Very early in his career, psychiatrist Gustavo Turecki chose to focus his research on a grim problem that most people avoid talking about: suicide. His attention was originally attracted to the subject by a social phenomenon. In the early 2000s, the rate of self-inflicted deaths was felt to be running rampant in the province of Quebec, Canada, where he had recently moved. “I was beginning to work as a psychiatrist and I felt a need to try to understand why some people who develop depression take their own lives, while others don’t,” the researcher recalls. He hasn’t yet found the answer, but during almost 20 years of investigations he has become one of the world’s leading scholars on the subject, with more than 500 scientific articles published on the biological, social, and behavioral factors associated with suicide.
Turecki was born in La Plata, Argentina, and at the age of ten immigrated to Brazil with his father, an Argentine engineer, and his Brazilian mother. He graduated with a medical degree from the São Paulo State Medical School—now the Federal University of São Paulo (UNIFESP)—before going on to earn his doctorate at McGill University in Montreal, Canada, where he now heads the Department of Psychiatry and the Douglas Research Centre, whose mission is the investigation of mental health problems.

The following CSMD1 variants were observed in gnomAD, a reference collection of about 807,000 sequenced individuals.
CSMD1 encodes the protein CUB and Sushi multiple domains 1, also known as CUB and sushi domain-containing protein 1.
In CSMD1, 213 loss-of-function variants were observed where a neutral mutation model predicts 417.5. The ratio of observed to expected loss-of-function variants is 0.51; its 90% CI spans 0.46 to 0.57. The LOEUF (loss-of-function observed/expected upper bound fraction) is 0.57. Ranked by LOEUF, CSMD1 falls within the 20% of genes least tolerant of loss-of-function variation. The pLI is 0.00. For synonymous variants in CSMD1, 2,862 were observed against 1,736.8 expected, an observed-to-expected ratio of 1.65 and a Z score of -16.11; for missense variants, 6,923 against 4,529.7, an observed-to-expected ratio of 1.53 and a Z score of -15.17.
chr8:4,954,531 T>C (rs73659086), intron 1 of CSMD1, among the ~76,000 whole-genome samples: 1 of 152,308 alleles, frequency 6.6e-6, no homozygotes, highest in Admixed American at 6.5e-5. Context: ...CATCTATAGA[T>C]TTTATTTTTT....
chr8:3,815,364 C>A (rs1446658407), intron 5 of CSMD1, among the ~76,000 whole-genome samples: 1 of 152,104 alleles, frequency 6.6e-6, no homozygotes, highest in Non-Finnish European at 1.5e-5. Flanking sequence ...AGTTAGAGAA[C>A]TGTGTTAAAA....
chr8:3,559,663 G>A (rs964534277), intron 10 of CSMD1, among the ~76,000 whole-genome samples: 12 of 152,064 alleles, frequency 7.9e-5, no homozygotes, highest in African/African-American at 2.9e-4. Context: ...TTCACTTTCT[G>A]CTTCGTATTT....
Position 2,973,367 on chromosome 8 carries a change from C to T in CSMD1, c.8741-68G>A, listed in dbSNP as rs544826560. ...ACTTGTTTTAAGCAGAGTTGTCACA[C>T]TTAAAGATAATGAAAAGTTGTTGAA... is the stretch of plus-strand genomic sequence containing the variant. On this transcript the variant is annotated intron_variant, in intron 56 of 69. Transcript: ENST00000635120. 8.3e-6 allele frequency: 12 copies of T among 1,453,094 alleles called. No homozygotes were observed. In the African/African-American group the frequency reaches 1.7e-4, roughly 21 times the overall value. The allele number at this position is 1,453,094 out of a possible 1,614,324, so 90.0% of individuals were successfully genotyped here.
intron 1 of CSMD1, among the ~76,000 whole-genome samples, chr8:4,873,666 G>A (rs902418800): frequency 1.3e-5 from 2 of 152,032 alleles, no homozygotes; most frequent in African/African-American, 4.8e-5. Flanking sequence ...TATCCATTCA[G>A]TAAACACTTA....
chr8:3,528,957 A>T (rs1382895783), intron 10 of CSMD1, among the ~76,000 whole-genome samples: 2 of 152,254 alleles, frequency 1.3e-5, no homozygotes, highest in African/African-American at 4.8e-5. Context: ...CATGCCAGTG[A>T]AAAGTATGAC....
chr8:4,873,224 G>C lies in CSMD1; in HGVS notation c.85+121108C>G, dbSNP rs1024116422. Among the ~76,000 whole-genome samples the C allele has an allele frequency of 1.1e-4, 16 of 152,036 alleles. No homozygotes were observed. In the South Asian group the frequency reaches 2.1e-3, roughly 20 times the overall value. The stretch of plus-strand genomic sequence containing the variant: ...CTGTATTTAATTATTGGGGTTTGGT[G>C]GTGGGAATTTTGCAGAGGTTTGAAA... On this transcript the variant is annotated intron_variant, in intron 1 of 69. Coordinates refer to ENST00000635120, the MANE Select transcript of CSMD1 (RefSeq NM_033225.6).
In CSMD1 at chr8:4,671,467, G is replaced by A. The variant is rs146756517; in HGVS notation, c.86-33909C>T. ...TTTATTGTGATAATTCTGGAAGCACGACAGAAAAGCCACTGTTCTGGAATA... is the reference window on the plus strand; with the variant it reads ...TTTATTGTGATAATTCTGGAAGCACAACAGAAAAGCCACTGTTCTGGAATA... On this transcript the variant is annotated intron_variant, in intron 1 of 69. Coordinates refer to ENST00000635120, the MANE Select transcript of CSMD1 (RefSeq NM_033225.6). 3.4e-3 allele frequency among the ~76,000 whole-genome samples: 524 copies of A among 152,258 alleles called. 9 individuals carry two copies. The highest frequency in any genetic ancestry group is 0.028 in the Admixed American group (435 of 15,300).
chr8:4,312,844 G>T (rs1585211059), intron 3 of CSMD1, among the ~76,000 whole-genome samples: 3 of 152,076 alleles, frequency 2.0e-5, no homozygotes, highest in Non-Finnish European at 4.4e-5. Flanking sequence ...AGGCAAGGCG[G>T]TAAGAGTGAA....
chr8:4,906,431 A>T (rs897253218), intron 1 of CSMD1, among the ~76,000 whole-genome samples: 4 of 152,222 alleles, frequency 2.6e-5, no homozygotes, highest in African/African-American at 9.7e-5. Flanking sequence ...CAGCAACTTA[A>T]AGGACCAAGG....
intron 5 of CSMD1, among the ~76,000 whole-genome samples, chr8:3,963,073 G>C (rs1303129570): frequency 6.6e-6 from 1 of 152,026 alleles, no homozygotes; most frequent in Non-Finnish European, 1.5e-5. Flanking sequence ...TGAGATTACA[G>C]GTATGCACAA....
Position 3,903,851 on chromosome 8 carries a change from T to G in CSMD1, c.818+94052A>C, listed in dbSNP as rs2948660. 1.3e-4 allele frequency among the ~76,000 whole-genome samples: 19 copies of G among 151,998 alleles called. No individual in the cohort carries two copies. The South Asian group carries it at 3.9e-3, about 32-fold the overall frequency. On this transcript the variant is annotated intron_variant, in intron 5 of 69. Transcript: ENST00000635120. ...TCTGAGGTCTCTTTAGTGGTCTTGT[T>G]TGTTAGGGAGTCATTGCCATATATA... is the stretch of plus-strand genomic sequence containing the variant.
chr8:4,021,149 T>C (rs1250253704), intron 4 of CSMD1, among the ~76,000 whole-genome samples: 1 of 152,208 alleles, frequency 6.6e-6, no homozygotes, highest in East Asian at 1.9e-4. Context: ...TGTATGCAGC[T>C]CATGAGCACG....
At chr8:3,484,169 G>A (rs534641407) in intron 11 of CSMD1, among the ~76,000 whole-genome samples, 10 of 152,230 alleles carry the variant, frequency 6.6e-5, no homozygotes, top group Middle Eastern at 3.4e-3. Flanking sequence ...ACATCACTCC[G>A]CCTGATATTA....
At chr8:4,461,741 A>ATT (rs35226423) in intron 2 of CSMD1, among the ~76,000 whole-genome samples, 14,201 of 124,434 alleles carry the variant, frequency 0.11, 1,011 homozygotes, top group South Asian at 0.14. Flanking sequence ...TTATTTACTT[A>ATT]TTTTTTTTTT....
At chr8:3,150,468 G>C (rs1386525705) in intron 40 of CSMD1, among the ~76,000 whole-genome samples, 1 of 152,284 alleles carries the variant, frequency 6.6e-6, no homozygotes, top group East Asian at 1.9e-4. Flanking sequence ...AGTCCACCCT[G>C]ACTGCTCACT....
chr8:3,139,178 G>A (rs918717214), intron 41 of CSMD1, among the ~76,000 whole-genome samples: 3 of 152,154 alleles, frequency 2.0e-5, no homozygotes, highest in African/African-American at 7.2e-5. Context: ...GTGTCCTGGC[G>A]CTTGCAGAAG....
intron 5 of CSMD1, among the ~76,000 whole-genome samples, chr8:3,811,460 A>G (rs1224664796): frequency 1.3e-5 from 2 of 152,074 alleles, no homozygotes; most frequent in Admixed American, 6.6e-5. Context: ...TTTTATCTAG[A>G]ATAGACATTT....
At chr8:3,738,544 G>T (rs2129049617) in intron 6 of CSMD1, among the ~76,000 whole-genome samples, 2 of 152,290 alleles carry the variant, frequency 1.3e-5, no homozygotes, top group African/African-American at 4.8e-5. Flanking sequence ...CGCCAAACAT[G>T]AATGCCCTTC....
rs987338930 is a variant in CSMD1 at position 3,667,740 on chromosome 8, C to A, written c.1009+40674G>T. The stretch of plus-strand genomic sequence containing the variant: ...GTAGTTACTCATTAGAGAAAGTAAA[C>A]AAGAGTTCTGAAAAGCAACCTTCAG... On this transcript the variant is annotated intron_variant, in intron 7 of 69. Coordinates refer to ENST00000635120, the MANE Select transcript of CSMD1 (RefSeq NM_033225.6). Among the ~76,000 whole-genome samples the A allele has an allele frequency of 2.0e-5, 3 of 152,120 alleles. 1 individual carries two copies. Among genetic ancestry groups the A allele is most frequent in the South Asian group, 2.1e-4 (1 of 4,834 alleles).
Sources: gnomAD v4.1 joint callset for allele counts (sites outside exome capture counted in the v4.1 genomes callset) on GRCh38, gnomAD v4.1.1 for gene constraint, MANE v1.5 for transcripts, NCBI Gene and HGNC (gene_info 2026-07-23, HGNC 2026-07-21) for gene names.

In a video call in early November, Turecki, 55, talked about the causes of suicide and how to reduce the problem. In April, he plans to return to Brazil to participate in the Brazilian Congress of Psychiatry and speak about his most recent research.
Suicide is a taboo topic. Why is it so difficult to talk about?
Because it has always been condemned historically and socially. No society, past or present, has supported suicide as a method of death. It’s a sin in every religion. In some, those who commit suicide can’t be buried with other people. Death by suicide is not accepted by society. This is partly because, as organisms, we were programmed to live, not to die, and in part, because it’s seen as a voluntary act. Once it’s understood that this behavior isn’t related to a lack of self-control, that a person who commits suicide is not in full possession of their free will, except in cases of assisted suicide, the picture changes.
So thinking of suicide as a voluntary act is, in a way, biased.
Exactly. I understand suicide as a result of cognitive changes associated with mental illness.
Is this view accepted by health professionals?
It’s generally understood that it’s not an issue related to self-control. I believe that today no one doubts that, in most cases, it’s associated with mental illness. However, there is a debate in the academic literature about the impact of mental illness on suicide.
There’s still discussion on how much of a factor psychiatric disorders play in this behavior.
Some studies show that the percentage of people who die by suicide and also who have symptoms associated with mental illness can vary widely. In China and India, this proportion is lower than in Western countries, and the reasons for this difference are under debate. The question isn’t whether a close association with mental illness exists, but how much of the behavior is explained by it. Nor can everything be reduced to mental illness. It is only one aspect, a risk factor. In the model I developed, I propose that psychiatric disorders act as the triggering factor for suicidal behavior, but there are other factors associated with predisposition.
Could you give examples?